A woman named Deborah reminded me of my late husband’s Apostolic heritage as she proudly displayed her homemade peanut brittle.  I told her stories of my in-laws making peanut brittle for all of their church fundraisers. She told me the same stories from her own childhood, as well as the story of her blossoming business.

With the economy making things difficult, she began making and selling peanut brittle as a way to supplement her family’s income. A local restaurant owner sampled some and told her she needed to begin selling in mass quantities. Without a commercial kitchen, she couldn’t get past the health department. So the restaurateur offered use of her commercial kitchen after hours and a business was born. Today Deborah employs several people and her business is thriving. I bought several bags of her heavenly concoction, but not before getting a big hug and the encouragement to come back next week for more conversation and sugary confections. I plan on it.

It’s not the 1950s and we can’t go back to Mayberry. We live in a globalized society with a technologically-united workforce that works seamlessly between India and Indiana. But my farmer’s market re-establishes connections that can’t be found via the internet. Deborah coupled the sweetness of her handcrafted candy with a warm hug. And Raimondo, an elderly Italian man who has run a restaurant for 34 years, shared with me a loaf of crusty bread he had put into the oven at 3 AM earlier that morning.

For a few hours on a Saturday morning, my big city became a small town, connected through the craftsmanship and commerce of new neighbors. Community never tasted so good!

Over the Back Fence

In Uncategorized on November 10, 2011 at 9:48 pm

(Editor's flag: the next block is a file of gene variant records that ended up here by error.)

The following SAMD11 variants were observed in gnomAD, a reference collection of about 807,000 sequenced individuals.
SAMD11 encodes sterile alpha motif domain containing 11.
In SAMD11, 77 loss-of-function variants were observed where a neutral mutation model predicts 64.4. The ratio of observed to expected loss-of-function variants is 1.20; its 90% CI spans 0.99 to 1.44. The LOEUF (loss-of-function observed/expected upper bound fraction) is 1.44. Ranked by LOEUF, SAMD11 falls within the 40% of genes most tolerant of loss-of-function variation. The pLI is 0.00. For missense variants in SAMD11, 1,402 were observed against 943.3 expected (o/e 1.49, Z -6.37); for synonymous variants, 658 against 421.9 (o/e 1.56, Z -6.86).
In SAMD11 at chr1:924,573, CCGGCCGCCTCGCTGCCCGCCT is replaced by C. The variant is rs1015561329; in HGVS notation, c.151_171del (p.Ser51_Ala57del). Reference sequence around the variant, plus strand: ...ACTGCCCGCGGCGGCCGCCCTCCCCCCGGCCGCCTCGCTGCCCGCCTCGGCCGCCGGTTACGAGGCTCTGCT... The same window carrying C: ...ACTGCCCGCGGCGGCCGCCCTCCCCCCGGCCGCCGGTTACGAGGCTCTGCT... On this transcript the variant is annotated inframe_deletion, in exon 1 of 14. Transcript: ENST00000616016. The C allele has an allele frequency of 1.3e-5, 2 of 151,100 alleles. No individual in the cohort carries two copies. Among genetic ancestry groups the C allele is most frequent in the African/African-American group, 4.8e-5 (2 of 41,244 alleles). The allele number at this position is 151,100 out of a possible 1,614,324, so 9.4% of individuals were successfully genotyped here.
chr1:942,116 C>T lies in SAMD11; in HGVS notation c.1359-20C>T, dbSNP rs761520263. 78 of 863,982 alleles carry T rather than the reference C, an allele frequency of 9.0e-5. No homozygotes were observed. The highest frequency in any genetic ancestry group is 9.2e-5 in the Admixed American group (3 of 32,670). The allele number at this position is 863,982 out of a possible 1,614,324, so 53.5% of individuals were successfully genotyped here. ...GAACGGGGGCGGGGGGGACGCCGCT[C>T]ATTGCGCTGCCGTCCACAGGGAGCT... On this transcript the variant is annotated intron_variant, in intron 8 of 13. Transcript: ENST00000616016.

Fall in the sunny Sonoran Desert means the flames of Hades are receding as God decides Arizona is not the prime location for Hell after all.  Sunburnt folks like me, parched and scorched from a summer spent at a level of Dante’s Inferno known only to desert dwellers, begin to inhabit outdoor spaces again. We garden. We take walks. We dine al fresco. And we reacquaint ourselves with our neighbors.

Located in a typical west Valley suburban neighborhood, my home backs to a greenbelt and walking path. Throughout the day, my neighbors pass by. Being a gardener, my yard causes people to slow down and take in the beauty of lavender, pansies, petunias, vines of every color, and trees now turning glorious shades of red and gold. I love seeing the smiles that come over their faces as they slow down or even stop their jogging, pausing to take in the beauty of God’s creation.

Some of these people have become staples in my garden. One woman, a work-from-home insurance broker, walks every morning with her dog. Her determined stride slows as she peers over the back fence to see if I’m out enjoying my morning cup of coffee. Spying me on the back patio, she smiles and stops to speak, her cheerful voice evidencing the fact that she is clearly a morning person. The fact that I am not is evident from my disheveled hair and lack of makeup. Still, it does not keep me from getting up and walking over to the back fence to visit.

Our initial “good mornings” have turned into discussions about snippets of life – living as empty nesters, how she gets her dog to behave so well as mine bark and leap manically at the back fence, the perfect crock-pot meal for a cool fall evening, and how the economy is affecting our respective sole-proprietor businesses. And always, there are discussions about my garden – how my winter grass is coming in, what herbs I’ve planted this season, how my tomatoes are coming on, whether or not I’ll be putting out poinsettias for Christmas.  Sometimes she asks advice; others she just comments on which color combinations she likes the best. The other day, she mentioned how she looks forward to walking by my back fence, stopping for a bit of seasonal color and conversation.

When I first bought my home, I planted vines along the back wall, hoping they would screen out the walking path and those who pass by each day. I’m glad they haven’t. Over the back fence, my neighbors and I enjoy my garden – and the friendships it cultivates.

%d bloggers like this: